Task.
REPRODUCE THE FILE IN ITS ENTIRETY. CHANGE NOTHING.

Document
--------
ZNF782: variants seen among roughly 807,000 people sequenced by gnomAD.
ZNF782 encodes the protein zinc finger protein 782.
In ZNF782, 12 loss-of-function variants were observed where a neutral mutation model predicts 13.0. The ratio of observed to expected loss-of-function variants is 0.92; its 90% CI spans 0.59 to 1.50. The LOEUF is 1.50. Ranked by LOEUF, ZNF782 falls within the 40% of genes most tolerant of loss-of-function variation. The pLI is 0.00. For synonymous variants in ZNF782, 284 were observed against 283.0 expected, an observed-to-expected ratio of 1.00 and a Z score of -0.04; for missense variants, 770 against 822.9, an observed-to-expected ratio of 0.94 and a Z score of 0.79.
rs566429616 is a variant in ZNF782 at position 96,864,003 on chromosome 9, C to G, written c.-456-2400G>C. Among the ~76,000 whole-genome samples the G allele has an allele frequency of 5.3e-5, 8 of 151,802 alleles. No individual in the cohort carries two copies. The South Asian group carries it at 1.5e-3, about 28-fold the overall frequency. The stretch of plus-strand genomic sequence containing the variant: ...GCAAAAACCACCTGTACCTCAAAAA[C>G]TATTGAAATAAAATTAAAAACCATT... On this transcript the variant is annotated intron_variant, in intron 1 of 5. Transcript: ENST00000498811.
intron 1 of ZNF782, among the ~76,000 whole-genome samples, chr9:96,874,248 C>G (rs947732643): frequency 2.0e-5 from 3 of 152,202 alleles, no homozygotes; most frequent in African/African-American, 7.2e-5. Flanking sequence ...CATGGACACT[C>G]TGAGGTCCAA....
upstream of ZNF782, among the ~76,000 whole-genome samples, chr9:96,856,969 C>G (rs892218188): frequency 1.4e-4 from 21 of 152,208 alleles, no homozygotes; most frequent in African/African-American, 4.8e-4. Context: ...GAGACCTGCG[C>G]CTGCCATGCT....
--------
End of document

ZNF782: variants seen among roughly 807,000 people sequenced by gnomAD.
ZNF782 encodes the protein zinc finger protein 782.
In ZNF782, 12 loss-of-function variants were observed where a neutral mutation model predicts 13.0. The ratio of observed to expected loss-of-function variants is 0.92; its 90% CI spans 0.59 to 1.50. The LOEUF is 1.50. Ranked by LOEUF, ZNF782 falls within the 40% of genes most tolerant of loss-of-function variation. The pLI is 0.00. For synonymous variants in ZNF782, 284 were observed against 283.0 expected, an observed-to-expected ratio of 1.00 and a Z score of -0.04; for missense variants, 770 against 822.9, an observed-to-expected ratio of 0.94 and a Z score of 0.79.
rs566429616 is a variant in ZNF782 at position 96,864,003 on chromosome 9, C to G, written c.-456-2400G>C. Among the ~76,000 whole-genome samples the G allele has an allele frequency of 5.3e-5, 8 of 151,802 alleles. No individual in the cohort carries two copies. The South Asian group carries it at 1.5e-3, about 28-fold the overall frequency. The stretch of plus-strand genomic sequence containing the variant: ...GCAAAAACCACCTGTACCTCAAAAA[C>G]TATTGAAATAAAATTAAAAACCATT... On this transcript the variant is annotated intron_variant, in intron 1 of 5. Transcript: ENST00000498811.
intron 1 of ZNF782, among the ~76,000 whole-genome samples, chr9:96,874,248 C>G (rs947732643): frequency 2.0e-5 from 3 of 152,202 alleles, no homozygotes; most frequent in African/African-American, 7.2e-5. Flanking sequence ...CATGGACACT[C>G]TGAGGTCCAA....
upstream of ZNF782, among the ~76,000 whole-genome samples, chr9:96,856,969 C>G (rs892218188): frequency 1.4e-4 from 21 of 152,208 alleles, no homozygotes; most frequent in African/African-American, 4.8e-4. Context: ...GAGACCTGCG[C>G]CTGCCATGCT....